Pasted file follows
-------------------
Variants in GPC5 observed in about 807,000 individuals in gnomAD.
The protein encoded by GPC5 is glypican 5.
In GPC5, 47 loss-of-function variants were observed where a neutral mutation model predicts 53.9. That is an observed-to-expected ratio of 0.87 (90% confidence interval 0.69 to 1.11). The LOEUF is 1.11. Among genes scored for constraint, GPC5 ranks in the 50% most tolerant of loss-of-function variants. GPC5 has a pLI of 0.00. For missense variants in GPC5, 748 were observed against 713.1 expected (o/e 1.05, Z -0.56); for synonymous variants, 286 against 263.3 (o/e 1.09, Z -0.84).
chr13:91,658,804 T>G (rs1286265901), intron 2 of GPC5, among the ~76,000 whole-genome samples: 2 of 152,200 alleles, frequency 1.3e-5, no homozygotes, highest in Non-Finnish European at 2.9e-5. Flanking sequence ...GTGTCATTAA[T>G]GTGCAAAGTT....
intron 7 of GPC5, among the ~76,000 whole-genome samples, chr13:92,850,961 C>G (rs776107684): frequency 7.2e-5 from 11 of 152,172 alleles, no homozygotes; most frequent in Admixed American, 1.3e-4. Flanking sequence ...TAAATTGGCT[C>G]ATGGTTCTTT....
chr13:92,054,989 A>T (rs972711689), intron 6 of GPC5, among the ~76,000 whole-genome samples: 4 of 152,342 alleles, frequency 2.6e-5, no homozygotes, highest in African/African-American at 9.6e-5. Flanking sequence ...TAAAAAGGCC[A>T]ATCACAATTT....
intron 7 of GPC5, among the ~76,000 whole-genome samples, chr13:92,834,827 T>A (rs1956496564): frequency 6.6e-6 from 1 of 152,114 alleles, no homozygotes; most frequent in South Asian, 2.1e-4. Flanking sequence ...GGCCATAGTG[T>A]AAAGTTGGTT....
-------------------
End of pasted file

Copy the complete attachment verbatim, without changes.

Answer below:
Variants in GPC5 observed in about 807,000 individuals in gnomAD.
The protein encoded by GPC5 is glypican 5.
In GPC5, 47 loss-of-function variants were observed where a neutral mutation model predicts 53.9. That is an observed-to-expected ratio of 0.87 (90% confidence interval 0.69 to 1.11). The LOEUF is 1.11. Among genes scored for constraint, GPC5 ranks in the 50% most tolerant of loss-of-function variants. GPC5 has a pLI of 0.00. For missense variants in GPC5, 748 were observed against 713.1 expected (o/e 1.05, Z -0.56); for synonymous variants, 286 against 263.3 (o/e 1.09, Z -0.84).
chr13:91,658,804 T>G (rs1286265901), intron 2 of GPC5, among the ~76,000 whole-genome samples: 2 of 152,200 alleles, frequency 1.3e-5, no homozygotes, highest in Non-Finnish European at 2.9e-5. Flanking sequence ...GTGTCATTAA[T>G]GTGCAAAGTT....
intron 7 of GPC5, among the ~76,000 whole-genome samples, chr13:92,850,961 C>G (rs776107684): frequency 7.2e-5 from 11 of 152,172 alleles, no homozygotes; most frequent in Admixed American, 1.3e-4. Flanking sequence ...TAAATTGGCT[C>G]ATGGTTCTTT....
chr13:92,054,989 A>T (rs972711689), intron 6 of GPC5, among the ~76,000 whole-genome samples: 4 of 152,342 alleles, frequency 2.6e-5, no homozygotes, highest in African/African-American at 9.6e-5. Flanking sequence ...TAAAAAGGCC[A>T]ATCACAATTT....
intron 7 of GPC5, among the ~76,000 whole-genome samples, chr13:92,834,827 T>A (rs1956496564): frequency 6.6e-6 from 1 of 152,114 alleles, no homozygotes; most frequent in South Asian, 2.1e-4. Flanking sequence ...GGCCATAGTG[T>A]AAAGTTGGTT....